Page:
heterotrophic species of amphidinium sensu lato
Several heterotrophic species show a ﬂat episome that slightly protrudes over the hyposome. The shape of the hyposome varies from ovate (Figure 1O, P), or rounder with the antapical margin slightly divided into two rounded lobes (Figure 1Q). Other heterotrophic specimens show an episome almost embedded in the hyposome (Figure 1R – T). The shape of the hyposome ranges from oval (Figure 1R, S) to elongate with a slightly pointed antapex (Figure 1T). We are unable to assign these specimens to known species.
The genus Testudodinium has been recently proposed for a species with a small episome that does not project beyond the outline of the cell. The cingulum is V-shaped and encircles the episome. The sulcus is about one-third of the total cell length and is located at the centre of the hyposome. This morphology is close to the species Amphidinium mootonorum which has the nucleus located in the middle of the cell (Figure 1G, H). We found a species that ﬁts the characteristics of the genus (Figure 1U, V). The small episome is embedded in the hyposome, protruding from the hyposome on the ventral side. The hyposome is elongated with a slightly pointed margin. The specimen shows a brownish pigmentation (Figure 1U, V).
’ mez and luis f. artigas fernando go
Fig. 1. Micrographs of unarmoured sand-dwelling dinoﬂagellates from the shore of Wimereux: (A– C) Amphidinium carterae; (D, E) Amphidinium herdmanii; (F) Amphidinium aff. operculatum – the arrow points to an orange spot; (G, H) Amphidinium mootonorum; (I –K) Amphidinium bipes; (L) unidentiﬁed heterotrophic Amphidinium; (M) Amphidinium incoloratum; (N) unidentiﬁed round Amphidinium; (O– T) several unidentiﬁed heterotrophic species of Amphidinium sensu lato (see Table 1); (U, V) Testudodinium sp.; (W, X) Apicoporus glaber; (Z) cf. Apicoporus sp.; (AA – AC) ‘Amphidinium’ scissum; (AD, AE) unidentiﬁed species with granulate surface; (AF – AK) Ankistrodinium semilunatum; (AL, AM) Togula britannica; (AO – AR) Togula cf. compacta; (AS) Togula inside a hyaline capsule; (AT, AU) ameboid cells of Togula; (AV – AY) unidentiﬁed photosynthetic species of Amphidinium sensu lato (see Table 1); (AZ) photosynthetic species close to Amphidinium mananninii. Scale bar: 10 mm.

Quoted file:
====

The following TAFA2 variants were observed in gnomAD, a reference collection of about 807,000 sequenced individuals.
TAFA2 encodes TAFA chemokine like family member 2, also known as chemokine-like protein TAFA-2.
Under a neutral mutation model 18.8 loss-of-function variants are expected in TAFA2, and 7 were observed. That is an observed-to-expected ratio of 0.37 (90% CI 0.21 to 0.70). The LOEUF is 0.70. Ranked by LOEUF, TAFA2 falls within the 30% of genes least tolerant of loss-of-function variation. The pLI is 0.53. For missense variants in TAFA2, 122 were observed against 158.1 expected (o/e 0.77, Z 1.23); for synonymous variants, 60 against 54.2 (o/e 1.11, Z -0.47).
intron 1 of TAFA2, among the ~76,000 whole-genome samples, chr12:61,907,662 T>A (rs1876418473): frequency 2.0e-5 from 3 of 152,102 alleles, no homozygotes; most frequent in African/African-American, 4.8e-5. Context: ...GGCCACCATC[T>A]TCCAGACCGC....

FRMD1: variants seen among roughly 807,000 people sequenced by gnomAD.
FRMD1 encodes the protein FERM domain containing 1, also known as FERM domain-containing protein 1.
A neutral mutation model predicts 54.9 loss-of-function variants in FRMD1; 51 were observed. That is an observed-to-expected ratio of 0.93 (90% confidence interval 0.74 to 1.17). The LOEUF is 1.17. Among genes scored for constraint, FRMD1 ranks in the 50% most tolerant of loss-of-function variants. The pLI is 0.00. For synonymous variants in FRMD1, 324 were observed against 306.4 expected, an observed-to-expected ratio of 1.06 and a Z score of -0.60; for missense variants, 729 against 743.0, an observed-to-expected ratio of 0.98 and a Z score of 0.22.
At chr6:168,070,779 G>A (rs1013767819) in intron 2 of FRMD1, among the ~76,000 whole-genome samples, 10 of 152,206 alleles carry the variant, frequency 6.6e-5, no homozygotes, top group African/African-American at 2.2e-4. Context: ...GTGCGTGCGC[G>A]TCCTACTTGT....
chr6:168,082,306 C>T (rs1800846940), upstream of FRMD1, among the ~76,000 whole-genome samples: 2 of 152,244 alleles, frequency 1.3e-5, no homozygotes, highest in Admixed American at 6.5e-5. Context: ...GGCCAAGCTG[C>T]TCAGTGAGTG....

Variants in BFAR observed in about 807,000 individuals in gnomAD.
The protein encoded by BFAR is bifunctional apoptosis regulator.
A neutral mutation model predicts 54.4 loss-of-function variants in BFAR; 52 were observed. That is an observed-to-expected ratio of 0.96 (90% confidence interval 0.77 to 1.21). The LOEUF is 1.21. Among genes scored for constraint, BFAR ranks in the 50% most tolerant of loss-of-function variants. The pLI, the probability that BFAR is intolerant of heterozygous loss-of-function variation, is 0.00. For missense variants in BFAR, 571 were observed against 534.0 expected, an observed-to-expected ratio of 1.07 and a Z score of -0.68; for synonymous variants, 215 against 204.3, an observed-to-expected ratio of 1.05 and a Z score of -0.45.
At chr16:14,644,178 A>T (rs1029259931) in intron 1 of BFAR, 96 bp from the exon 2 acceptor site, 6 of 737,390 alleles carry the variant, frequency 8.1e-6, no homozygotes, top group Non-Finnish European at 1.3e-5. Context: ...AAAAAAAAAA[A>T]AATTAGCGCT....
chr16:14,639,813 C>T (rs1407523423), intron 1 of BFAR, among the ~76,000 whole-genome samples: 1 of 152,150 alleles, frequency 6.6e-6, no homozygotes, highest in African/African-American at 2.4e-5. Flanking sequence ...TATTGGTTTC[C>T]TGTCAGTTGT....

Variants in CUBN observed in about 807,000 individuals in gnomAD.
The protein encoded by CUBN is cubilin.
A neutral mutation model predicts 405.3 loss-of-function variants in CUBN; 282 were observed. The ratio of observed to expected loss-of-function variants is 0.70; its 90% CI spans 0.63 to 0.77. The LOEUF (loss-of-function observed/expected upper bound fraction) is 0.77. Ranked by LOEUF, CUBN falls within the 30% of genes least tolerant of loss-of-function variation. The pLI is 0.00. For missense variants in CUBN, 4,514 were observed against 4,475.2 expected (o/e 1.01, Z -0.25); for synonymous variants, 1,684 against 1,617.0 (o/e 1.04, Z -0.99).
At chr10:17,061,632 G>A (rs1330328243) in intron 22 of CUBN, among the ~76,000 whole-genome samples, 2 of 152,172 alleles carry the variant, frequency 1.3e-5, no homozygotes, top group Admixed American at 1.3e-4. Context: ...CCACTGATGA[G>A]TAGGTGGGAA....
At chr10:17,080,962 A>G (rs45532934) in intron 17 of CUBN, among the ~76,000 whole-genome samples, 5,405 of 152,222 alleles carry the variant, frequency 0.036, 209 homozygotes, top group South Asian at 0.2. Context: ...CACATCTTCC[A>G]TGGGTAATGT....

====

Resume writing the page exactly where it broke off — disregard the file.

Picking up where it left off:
The heterotrophic species Apicoporus glaber (¼Amphidinium gabrum) is characterized by a small, low, wide, beak-shaped, asymmetrical episome. The cells shows an oblong shape (Figure 1W, X). The specimen in Figure 1Z shows a low episome and a smooth cell surface, as in Apicoporus. The cell shows a pointed antapical margin, as in Amphidinium scissum (Figure 1Z).
match with the recent deﬁnition of Amphidinium sensu stricto, and it also differs in the surface striation, with ﬁne longitudinal striations that resemble the genus Gyrodinium (Figure 1AA – AC).
amphidinium sensu lato : unidentified genus with granulate surface
Figure 1AD illustrates a specimen found in a sample examined by scanning electron microscopy. The hyposome is slightly bifurcated. The most characteristic feature is a cell surface covered with homogeneous rounded granules (Figure 1AE). To the best of our knowledge, this type of surface ornamentation is unknown for species of Amphidinium sensu lato.
amphidinium sensu lato : genus of ‘amphidinium’ scissum
The species of Amphidinium sensu stricto have a smooth cell surface. The shape of the episome of A. scissum does not
sand-dwelling dinoflagellates from wimereux
The cells of Ankistrodinium semilunatum are oval to oblongshaped in lateral view, strongly laterally compressed. The cingulum rises from its origin towards the dorsal side of the cell, then tilts downwards slightly. The cell size varies from 30 to 50 mm long and from 20 to 30 mm wide. This heterotrophic species usually shows food particles (Figure 1AF –AK).